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Markie History, Family Crest & Coats of Arms



The root of the ancient Dalriadan-Scottish name Markie is the personal name Aodh, which is often Anglicized as Hugh. The Gaelic form of the name is Mac Aoidh, which means son of Aodh.

Early Origins of the Markie family


The surname Markie was first found in Ayrshire (Gaelic: Siorrachd Inbhir Àir), formerly a county in the southwestern Strathclyde region of Scotland, that today makes up the Council Areas of South, East, and North Ayrshire, where they held a family seat from early times and their first records appeared on the early census rolls taken by the early Kings of Scotland.

Early History of the Markie family


This web page shows only a small excerpt of our Markie research.
Another 269 words (19 lines of text) covering the years 1296 and 1304 are included under the topic Early Markie History in all our PDF Extended History products and printed products wherever possible.

Markie Spelling Variations


The translation of Gaelic names in the Middle Ages was not a task undertaken with great care. Records from that era show an enormous number of spelling variations, even in names referring to the same person. Over the years Markie has appeared as Mackie, Mackey, MacHugh and others.

Early Notables of the Markie family (pre 1700)


More information is included under the topic Early Markie Notables in all our PDF Extended History products and printed products wherever possible.

Migration of the Markie family to Ireland


Some of the Markie family moved to Ireland, but this topic is not covered in this excerpt.
Another 156 words (11 lines of text) about their life in Ireland is included in all our PDF Extended History products and printed products wherever possible.

Migration of the Markie family to the New World and Oceana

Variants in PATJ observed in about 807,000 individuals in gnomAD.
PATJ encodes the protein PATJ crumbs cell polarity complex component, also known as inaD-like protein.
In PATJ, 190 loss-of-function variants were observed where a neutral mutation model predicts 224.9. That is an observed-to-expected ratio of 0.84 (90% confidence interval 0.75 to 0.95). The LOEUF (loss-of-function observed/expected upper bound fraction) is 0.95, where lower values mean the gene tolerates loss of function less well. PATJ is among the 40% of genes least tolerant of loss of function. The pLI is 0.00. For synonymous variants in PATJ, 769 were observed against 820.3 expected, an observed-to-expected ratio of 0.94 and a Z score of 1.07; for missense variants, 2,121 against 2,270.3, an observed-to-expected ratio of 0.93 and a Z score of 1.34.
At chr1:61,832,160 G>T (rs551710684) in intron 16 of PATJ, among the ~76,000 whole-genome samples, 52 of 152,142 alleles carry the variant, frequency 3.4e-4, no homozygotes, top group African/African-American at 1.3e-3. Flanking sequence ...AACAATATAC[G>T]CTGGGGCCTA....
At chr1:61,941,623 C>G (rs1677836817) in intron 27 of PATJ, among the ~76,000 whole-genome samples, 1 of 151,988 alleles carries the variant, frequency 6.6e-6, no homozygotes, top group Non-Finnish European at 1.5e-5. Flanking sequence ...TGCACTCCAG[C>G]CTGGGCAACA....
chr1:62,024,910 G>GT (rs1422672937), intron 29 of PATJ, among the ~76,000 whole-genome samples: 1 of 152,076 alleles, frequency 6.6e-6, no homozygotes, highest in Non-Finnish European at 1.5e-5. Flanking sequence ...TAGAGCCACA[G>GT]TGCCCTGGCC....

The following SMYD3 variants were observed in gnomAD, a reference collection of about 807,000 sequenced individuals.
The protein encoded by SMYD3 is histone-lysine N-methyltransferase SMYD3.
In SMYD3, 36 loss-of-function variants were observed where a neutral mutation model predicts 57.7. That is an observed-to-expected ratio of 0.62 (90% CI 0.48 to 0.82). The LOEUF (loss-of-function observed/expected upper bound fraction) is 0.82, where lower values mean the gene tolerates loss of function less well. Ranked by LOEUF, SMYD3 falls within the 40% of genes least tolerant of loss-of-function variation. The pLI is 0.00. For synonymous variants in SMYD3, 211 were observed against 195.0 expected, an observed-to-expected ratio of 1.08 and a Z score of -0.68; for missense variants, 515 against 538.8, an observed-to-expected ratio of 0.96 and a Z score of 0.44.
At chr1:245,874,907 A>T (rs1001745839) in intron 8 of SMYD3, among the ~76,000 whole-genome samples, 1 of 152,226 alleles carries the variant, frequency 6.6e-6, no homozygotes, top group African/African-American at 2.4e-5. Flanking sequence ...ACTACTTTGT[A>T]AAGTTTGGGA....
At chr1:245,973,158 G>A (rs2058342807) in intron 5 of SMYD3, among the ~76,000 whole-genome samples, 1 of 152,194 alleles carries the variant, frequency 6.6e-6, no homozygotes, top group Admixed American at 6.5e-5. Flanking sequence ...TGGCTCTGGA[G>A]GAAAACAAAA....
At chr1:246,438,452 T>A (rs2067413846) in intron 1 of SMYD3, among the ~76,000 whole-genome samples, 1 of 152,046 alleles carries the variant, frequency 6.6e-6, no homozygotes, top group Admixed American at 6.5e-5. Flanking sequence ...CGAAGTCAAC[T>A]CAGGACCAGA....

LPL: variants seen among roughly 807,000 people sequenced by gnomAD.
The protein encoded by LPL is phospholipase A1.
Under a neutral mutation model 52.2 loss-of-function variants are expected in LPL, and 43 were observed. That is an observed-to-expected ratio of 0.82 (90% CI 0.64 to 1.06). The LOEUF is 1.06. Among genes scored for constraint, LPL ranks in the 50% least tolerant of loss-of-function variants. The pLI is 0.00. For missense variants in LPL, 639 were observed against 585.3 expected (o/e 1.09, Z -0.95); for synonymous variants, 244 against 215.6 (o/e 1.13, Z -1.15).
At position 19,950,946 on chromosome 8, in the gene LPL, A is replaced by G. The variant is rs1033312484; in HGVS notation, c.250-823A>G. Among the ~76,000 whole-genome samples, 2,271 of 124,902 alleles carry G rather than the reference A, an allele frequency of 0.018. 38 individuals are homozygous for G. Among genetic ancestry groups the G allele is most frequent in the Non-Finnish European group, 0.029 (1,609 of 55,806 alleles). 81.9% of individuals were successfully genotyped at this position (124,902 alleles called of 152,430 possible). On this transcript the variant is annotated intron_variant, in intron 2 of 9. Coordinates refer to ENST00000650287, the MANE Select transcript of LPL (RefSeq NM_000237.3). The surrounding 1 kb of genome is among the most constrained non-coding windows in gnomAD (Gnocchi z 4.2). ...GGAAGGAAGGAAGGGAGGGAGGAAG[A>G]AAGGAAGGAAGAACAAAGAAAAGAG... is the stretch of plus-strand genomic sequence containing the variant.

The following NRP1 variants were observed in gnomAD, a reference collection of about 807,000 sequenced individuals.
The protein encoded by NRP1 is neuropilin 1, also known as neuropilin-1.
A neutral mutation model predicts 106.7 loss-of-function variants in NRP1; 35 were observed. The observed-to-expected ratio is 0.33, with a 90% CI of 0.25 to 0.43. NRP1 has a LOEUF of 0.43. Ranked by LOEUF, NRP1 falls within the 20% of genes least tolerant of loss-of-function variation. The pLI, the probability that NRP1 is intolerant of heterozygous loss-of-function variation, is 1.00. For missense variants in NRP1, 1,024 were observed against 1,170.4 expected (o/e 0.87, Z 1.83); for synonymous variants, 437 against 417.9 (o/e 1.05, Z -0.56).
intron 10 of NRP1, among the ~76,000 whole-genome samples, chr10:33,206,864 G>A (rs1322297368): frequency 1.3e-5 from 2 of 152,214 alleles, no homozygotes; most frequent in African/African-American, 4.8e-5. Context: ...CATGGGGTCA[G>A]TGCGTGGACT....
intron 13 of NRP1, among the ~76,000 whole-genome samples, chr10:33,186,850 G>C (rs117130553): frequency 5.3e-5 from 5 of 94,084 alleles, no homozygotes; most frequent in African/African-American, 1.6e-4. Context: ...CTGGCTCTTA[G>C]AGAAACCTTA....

Many settled along the east coast of what would become the United States and Canada. As the American War of Independence broke out, those who remained loyal to the crown went north to Canada as United Empire Loyalists. The ancestors of all of these hardy Dalriadan-Scottish settlers began to recover their collective history in the 20th century with the advent of the vibrant culture fostered by highland games and Clan societies in North America. Highland games, clan societies, and other organizations generated much renewed interest in Scottish heritage in the 20th century. The Markie were among the earliest of the Scottish settlers as immigration passenger lists have shown:

Markie Settlers in United States in the 18th Century

  • Marcus Markie, who arrived in Pennsylvania in 1736 [1]CITATION[CLOSE]
    Filby, P. William, Meyer, Mary K., Passenger and immigration lists index : a guide to published arrival records of about 500,000 passengers who came to the United States and Canada in the seventeenth, eighteenth, and nineteenth centuries. 1982-1985 Cumulated Supplements in Four Volumes Detroit, Mich. : Gale Research Co., 1985, Print (ISBN 0-8103-1795-8)
  • Jacob Markie, aged 45, who landed in Pennsylvania in 1748 [1]CITATION[CLOSE]
    Filby, P. William, Meyer, Mary K., Passenger and immigration lists index : a guide to published arrival records of about 500,000 passengers who came to the United States and Canada in the seventeenth, eighteenth, and nineteenth centuries. 1982-1985 Cumulated Supplements in Four Volumes Detroit, Mich. : Gale Research Co., 1985, Print (ISBN 0-8103-1795-8)

Markie Settlers in New Zealand in the 19th Century

  • George Markie, aged 23, a carpenter, who arrived in Auckland, New Zealand aboard the ship "Dorette" in 1874
  • Fanny Markie, aged 17, who arrived in Auckland, New Zealand aboard the ship "Dorette" in 1874

Contemporary Notables of the name Markie (post 1700)


  • Markie Post (b. 1950), American actress

The Markie Motto


The motto was originally a war cry or slogan. Mottoes first began to be shown with arms in the 14th and 15th centuries, but were not in general use until the 17th century. Thus the oldest coats of arms generally do not include a motto. Mottoes seldom form part of the grant of arms: Under most heraldic authorities, a motto is an optional component of the coat of arms, and can be added to or changed at will; many families have chosen not to display a motto.

Motto: Labore
Motto Translation: By labour.


Markie Family Crest Products



See Also



Citations


  1. ^ Filby, P. William, Meyer, Mary K., Passenger and immigration lists index : a guide to published arrival records of about 500,000 passengers who came to the United States and Canada in the seventeenth, eighteenth, and nineteenth centuries. 1982-1985 Cumulated Supplements in Four Volumes Detroit, Mich. : Gale Research Co., 1985, Print (ISBN 0-8103-1795-8)

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